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LGBT advocates challenge Amazon HQ2 finalists including Austin, Dallas

FILE - In this April 27, 2017 file photo, construction continues on three large, glass-covered domes as part of an expansion of the Amazon.com campus in downtown Seattle. Amazon said Thursday, Sept. 7, that it will spend more than $5 billion to build another headquarters in North America to house as many as 50,000 employees. It plans to stay in its sprawling Seattle headquarters and the new space will be "a full equal" of its current home, said founder and CEO Jeff Bezos. (AP Photo/Elaine Thompson)

Thursday the No Gay? No Way! campaign launched pushing Amazon to eliminate nine states from their list of headquarters finalists. They say the company shouldn't put down roots in states that allow discrimination against the LGBT community, including Texas.

It's common knowledge you can't discriminate against someone in the workplace for factors including age, sex, race or religion, but in Texas sexual orientation and gender identity aren't protected. The No Gay? No Way! campaign is encouraging Amazon to cut states like Texas from their list.

Circling Amazon's Seattle headquarters you might see a moving billboard that says, "Hey Alexa, why would Amazon even consider HQ2 in a state that discriminates against LGBT people?" The billboard is funded by the LGBT advocates who make up the No Gay? No Way! campaign.

"Our goal in the campaign is to help encourage them to make the right choice," says Conor Gaughan, campaign director. CBS Austin spoke with Gaughan over Facetime. He says Amazon building HQ2 in a state that lacks discrimination protections for everyone contradicts the company's values.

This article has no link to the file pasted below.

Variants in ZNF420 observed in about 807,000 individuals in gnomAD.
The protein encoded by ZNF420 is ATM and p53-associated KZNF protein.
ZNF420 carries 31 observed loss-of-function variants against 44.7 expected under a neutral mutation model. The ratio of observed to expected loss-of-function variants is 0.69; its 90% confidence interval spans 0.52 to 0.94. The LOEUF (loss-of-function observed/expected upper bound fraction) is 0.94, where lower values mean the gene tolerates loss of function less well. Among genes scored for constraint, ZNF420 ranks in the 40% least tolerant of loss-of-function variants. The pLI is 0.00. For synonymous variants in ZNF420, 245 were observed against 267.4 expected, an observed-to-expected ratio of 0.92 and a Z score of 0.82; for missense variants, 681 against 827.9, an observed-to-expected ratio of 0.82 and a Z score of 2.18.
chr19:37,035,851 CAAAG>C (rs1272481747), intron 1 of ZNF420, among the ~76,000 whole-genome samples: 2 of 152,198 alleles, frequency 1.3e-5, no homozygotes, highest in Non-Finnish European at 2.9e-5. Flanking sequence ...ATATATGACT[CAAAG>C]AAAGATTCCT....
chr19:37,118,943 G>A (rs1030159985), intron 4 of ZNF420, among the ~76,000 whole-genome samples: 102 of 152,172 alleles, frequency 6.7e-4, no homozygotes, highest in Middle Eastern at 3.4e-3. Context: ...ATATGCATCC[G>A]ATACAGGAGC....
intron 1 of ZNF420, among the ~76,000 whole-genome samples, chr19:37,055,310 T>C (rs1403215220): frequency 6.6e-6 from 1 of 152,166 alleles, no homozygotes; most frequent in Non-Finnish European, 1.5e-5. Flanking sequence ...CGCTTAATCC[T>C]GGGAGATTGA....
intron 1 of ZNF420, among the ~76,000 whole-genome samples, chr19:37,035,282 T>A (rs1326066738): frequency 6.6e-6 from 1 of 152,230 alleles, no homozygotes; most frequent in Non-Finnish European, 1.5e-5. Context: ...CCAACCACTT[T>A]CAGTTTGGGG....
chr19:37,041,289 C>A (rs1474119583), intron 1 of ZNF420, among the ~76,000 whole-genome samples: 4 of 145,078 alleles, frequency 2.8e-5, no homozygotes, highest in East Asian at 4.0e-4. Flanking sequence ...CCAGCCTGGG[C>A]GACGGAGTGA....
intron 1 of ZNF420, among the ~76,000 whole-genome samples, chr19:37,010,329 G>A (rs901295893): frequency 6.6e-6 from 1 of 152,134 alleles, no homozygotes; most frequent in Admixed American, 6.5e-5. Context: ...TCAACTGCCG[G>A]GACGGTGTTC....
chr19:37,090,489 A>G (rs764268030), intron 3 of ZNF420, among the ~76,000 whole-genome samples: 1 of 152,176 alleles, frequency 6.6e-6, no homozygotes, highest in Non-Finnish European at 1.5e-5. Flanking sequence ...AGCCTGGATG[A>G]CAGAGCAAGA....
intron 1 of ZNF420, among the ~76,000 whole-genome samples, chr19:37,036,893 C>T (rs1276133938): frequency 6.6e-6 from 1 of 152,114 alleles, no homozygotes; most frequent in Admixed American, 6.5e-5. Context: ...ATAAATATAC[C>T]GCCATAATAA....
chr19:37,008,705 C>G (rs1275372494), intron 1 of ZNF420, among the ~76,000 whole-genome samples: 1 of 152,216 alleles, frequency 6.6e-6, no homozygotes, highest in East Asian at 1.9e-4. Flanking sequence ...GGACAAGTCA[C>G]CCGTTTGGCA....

"If they really want to be the LGBT champion that they've already said that they are, they need to prove it. This is the time to step up and do it," Gaughan says.

Chuck Smith, CEO at Equality Texas says where the state is lacking the finalist cities are not. In Austin and Dallas it's illegal to discriminate against someone based on sexual orientation or gender identity and expression.

"Everyone deserves the ability to earn a living and have a job based on their skills and the merit of the works that they're able to do. People should not be fired because they're LGBTQ," Smith says.

However, city ordinances hardly compare to state law when it comes to protections. A city can issue a fine to a discriminating business up to $500 but it can't help someone get their job back. Smith thinks the campaign may have things backwards.

"Were Amazon to come to Austin or Dallas, I think that they bring with them the political power and political heft to pressure the Texas legislature to make it against the law on a statewide basis," Smith says.

Amazon did not have a comment on the No Gay? No Way! campaign. However, the company has said in the past they do not tolerate discrimination of any kind, support nondiscrimination legislation and whichever city they pick for their new headquarters must be the right culture fit.

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